Wednesday, May 7, 2014

Luxury Marketers: Big Data from the boutique? New technologies help best serve your customers

Digital is radically changing the consumption pattern of luxury goods consumption in every way. As a graduate student studying the Integrated Marketing Communications in Northwestern University, I’ve always been interested in learning the marketing trends within luxury and how the industry would leverage technology as well as digitalization to make the best outcome. For those luxury managers who are poised to offer top-tier services as their merchandise, here I found two inspiring articles that would help you make it happen.

According to a recent report from McKinsey (see "Digital luxury experience: Keeping up with changing customers" by Linda Dauriz), the future of digital luxury hasn’t been bright ever — online luxury sales are growing twice as fast as the overall market. The report demonstrates that, in 2013, digital interactions directly generated more than 13% of offline luxury sales and influenced another 28% of sales. Also it shows that more than 45% of luxury purchases are influenced by what shoppers find in the digital universe. From all these mind-blowing numbers we can obviously feel the power of digitalization in terms of boosting luxury sales in today’s world. But, what’s more noteworthy is that although pure online transactions are growing twice as fast as the sector as a whole, they represent only about 4% of the total luxury goods market. Shoppers use the digital platform more for search and comparing purposes rather than making purchase — especially for luxury consumers who are going for more expensive or custom products. However, engaging, easy-to-navigate mobile platforms would play an important role to drive store traffic to the physical boutiques, since shoppers are more likely to use smartphones for commuting info (shopping or dining). More than half of their searches of products are on mobile devices, and by the time they actually enter the store, they’ve already gathered detailed information about the products they’re about to purchase.

Another way that digitalization could help in in-store sales is through in-store facial recognition. The article Big Data is Watchingby Sophie Doran has introduced the state-of-the-art method of tracking in-store consumer data by following wi-fi signals and by using surveillance softwares to profile customers. As the article elaborates, Nordstrom’s experiment used video surveillance and signals from shoppers’ cellphones and apps to learn information as varied as their sex, how many minutes they spend in various parts of the store and how long they look at merchandise before buying it. Moreover such detailed info would be stored permanently and activate globally through the facial recognition tools. All the data gathered from this “in-store monitoring”, combined with data gathered from digital platform, can provide marketers valuable information about customer preferences so as to guide them to change store layouts and offering more customized services, creating ever satisfying in-store customer experience throughout the world. However, the legal issue has been brought up with it, suspending the experiments in Nordstrom after months. Generally in customers’ minds, personal data is the price they pay online for the ability to quickly compare pricing and arrange convenient delivery. Whereas they feel that this “give to get” mechanism won’t apply when it comes to in-store data collection — When retailers try and collect similar data from consumers in a physical retail environment, they become unnerved, with the key criticism of in-store data collection being lack of consent.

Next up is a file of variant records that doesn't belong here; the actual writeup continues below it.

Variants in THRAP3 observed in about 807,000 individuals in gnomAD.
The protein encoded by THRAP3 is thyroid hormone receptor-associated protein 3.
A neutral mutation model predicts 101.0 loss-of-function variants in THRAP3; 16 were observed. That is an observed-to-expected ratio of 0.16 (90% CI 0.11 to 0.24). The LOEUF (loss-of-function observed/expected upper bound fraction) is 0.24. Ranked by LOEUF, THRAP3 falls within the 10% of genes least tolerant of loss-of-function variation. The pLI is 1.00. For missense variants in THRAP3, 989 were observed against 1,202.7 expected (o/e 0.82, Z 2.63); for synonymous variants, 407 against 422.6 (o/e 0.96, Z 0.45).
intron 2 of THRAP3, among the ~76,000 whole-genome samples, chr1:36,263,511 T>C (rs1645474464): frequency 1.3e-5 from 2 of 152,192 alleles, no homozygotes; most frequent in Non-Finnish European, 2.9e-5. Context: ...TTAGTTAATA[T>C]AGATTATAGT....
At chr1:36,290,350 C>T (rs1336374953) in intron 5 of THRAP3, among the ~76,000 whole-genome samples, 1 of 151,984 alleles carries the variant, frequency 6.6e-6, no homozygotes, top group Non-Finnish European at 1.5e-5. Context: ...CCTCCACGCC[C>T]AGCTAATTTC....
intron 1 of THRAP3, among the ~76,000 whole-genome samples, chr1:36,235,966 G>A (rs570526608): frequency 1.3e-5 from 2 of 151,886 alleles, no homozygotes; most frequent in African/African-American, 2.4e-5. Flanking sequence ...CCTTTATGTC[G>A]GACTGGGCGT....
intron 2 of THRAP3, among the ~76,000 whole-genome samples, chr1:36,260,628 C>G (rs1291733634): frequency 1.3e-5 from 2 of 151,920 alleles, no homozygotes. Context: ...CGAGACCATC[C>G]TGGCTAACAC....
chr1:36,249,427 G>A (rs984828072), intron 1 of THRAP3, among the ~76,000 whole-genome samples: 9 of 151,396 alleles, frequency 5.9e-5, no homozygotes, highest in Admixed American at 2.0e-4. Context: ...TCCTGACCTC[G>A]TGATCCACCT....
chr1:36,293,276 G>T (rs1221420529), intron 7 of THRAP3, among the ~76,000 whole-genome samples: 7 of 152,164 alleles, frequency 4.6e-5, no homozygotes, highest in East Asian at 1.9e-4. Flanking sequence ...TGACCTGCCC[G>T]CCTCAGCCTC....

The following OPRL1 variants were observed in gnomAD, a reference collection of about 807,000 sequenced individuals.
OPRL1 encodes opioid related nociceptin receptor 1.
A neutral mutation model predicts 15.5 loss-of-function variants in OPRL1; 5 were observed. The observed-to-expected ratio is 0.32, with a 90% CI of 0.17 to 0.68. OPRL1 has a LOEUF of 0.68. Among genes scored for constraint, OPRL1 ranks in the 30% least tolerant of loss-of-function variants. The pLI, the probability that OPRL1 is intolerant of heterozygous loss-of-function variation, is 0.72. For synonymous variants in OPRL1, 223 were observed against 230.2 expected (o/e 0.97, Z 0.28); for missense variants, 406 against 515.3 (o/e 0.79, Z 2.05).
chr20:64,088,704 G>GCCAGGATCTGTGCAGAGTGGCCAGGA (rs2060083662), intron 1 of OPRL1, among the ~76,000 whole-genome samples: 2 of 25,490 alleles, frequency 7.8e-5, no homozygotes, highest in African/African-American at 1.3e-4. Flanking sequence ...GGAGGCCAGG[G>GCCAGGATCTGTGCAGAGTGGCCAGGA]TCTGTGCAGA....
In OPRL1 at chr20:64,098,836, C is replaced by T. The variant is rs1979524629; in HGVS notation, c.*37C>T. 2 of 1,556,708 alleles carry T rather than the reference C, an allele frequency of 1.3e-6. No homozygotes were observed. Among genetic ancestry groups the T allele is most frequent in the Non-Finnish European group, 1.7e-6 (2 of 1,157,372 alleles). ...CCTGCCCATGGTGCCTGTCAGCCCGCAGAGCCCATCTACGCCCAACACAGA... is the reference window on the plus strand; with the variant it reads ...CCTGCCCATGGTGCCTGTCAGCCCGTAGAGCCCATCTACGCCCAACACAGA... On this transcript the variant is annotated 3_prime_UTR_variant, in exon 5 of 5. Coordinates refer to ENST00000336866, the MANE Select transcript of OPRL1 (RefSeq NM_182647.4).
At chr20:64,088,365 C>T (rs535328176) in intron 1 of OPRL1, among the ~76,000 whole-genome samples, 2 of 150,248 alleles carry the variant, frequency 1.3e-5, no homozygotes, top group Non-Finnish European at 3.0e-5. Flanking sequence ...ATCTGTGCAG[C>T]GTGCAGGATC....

In reading the above 2 articles, I would suggest 3 actions for luxury marketers regarding how to best leverage big data to stay at the cutting edge and generate higher revenue benefited from what you have:
    1. Perfect in-store experience & use digital as catalyst. Digital is serving more as the helper for customers to purchase wisely, but boutiques are still where they make purchases. Deeper engagement with customers digitally, however, can increase store traffic to generate higher revenue.

     2. See the value of in-store data. The value of In-store experience for customers determines the value of monitor in-store behaviors for marketers. Combine in-store data with online transaction, marketers can profile best-valued customers more accurately and offer them more satisfying purchase experience.

     3. Never overlook the legitimacy of data collection. The dispute over the legitimacy of gathering user data is more serious than ever. Complaints and criticism around “big data or big brother” have been and will still be the topic. Therefore, marketers have to notify customers before getting any access to data in order to keep away from troubles.

The luxury market is seen as the most passion-driven and customized market. The nature of the industry has already revealed its close relationship with advanced data analysis. As the new technology popularizes in application, the deeper than ever understanding of each customer would open a brand new page in terms of building customer-brand relationship, and thus create a much more efficient business model to generate a win-win situation for both brands and customers. Let’s look forward to it.

Cerise Miao is an MS candidate in Integrated Marketing Communications at Northwestern University, majoring in marketing analytics and brand strategy. Majored in economics in college, she is interested in music, movies, languages and fine arts. She has passion for luxury and for data analysis. 
Follow Cerise @CeriseMiao


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